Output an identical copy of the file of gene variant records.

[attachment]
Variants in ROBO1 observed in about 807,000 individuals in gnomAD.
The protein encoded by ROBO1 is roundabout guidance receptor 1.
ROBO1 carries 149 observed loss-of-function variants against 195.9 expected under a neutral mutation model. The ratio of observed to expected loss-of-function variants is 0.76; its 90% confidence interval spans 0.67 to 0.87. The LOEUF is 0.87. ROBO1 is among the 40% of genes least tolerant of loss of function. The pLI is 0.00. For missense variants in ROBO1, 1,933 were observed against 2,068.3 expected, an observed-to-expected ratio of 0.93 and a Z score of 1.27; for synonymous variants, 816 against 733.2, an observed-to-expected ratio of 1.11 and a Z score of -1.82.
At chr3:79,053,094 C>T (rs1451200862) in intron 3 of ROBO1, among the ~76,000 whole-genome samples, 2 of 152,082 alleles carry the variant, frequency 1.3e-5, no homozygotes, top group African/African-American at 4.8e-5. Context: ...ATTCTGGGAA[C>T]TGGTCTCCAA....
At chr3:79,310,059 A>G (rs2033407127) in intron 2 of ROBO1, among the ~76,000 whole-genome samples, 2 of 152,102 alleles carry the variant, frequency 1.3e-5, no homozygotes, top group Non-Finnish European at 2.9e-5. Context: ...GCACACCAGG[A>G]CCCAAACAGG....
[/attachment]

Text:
Variants in ROBO1 observed in about 807,000 individuals in gnomAD.
The protein encoded by ROBO1 is roundabout guidance receptor 1.
ROBO1 carries 149 observed loss-of-function variants against 195.9 expected under a neutral mutation model. The ratio of observed to expected loss-of-function variants is 0.76; its 90% confidence interval spans 0.67 to 0.87. The LOEUF is 0.87. ROBO1 is among the 40% of genes least tolerant of loss of function. The pLI is 0.00. For missense variants in ROBO1, 1,933 were observed against 2,068.3 expected, an observed-to-expected ratio of 0.93 and a Z score of 1.27; for synonymous variants, 816 against 733.2, an observed-to-expected ratio of 1.11 and a Z score of -1.82.
At chr3:79,053,094 C>T (rs1451200862) in intron 3 of ROBO1, among the ~76,000 whole-genome samples, 2 of 152,082 alleles carry the variant, frequency 1.3e-5, no homozygotes, top group African/African-American at 4.8e-5. Context: ...ATTCTGGGAA[C>T]TGGTCTCCAA....
At chr3:79,310,059 A>G (rs2033407127) in intron 2 of ROBO1, among the ~76,000 whole-genome samples, 2 of 152,102 alleles carry the variant, frequency 1.3e-5, no homozygotes, top group Non-Finnish European at 2.9e-5. Context: ...GCACACCAGG[A>G]CCCAAACAGG....